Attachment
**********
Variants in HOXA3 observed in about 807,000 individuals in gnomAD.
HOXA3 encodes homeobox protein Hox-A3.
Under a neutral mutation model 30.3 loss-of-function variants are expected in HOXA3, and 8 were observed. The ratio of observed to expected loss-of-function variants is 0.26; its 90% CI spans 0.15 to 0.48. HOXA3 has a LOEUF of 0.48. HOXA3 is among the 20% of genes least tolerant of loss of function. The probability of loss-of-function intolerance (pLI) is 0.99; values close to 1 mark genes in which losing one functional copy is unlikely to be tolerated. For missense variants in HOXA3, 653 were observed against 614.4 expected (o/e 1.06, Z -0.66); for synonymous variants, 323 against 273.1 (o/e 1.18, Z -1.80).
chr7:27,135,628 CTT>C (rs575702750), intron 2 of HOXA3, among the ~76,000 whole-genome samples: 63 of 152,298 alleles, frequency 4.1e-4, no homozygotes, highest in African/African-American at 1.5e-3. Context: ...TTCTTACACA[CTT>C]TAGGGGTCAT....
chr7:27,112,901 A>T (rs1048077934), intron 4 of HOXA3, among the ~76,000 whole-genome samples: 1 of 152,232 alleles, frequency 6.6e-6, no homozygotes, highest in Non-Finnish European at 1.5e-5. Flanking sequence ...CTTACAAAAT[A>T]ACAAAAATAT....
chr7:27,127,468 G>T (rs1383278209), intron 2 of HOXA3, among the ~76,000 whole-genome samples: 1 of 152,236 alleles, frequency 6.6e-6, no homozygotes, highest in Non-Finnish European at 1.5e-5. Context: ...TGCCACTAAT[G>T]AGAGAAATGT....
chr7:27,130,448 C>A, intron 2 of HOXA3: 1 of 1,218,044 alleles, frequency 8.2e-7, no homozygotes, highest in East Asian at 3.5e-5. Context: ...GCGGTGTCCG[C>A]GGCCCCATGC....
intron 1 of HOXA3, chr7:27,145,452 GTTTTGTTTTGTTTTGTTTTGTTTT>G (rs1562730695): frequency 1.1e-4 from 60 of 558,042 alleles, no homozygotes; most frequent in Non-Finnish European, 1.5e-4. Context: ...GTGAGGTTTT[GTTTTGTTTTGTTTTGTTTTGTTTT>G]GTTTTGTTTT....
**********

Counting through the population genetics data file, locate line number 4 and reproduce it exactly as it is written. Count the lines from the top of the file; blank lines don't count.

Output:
chr7:27,135,628 CTT>C (rs575702750), intron 2 of HOXA3, among the ~76,000 whole-genome samples: 63 of 152,298 alleles, frequency 4.1e-4, no homozygotes, highest in African/African-American at 1.5e-3. Context: ...TTCTTACACA[CTT>C]TAGGGGTCAT....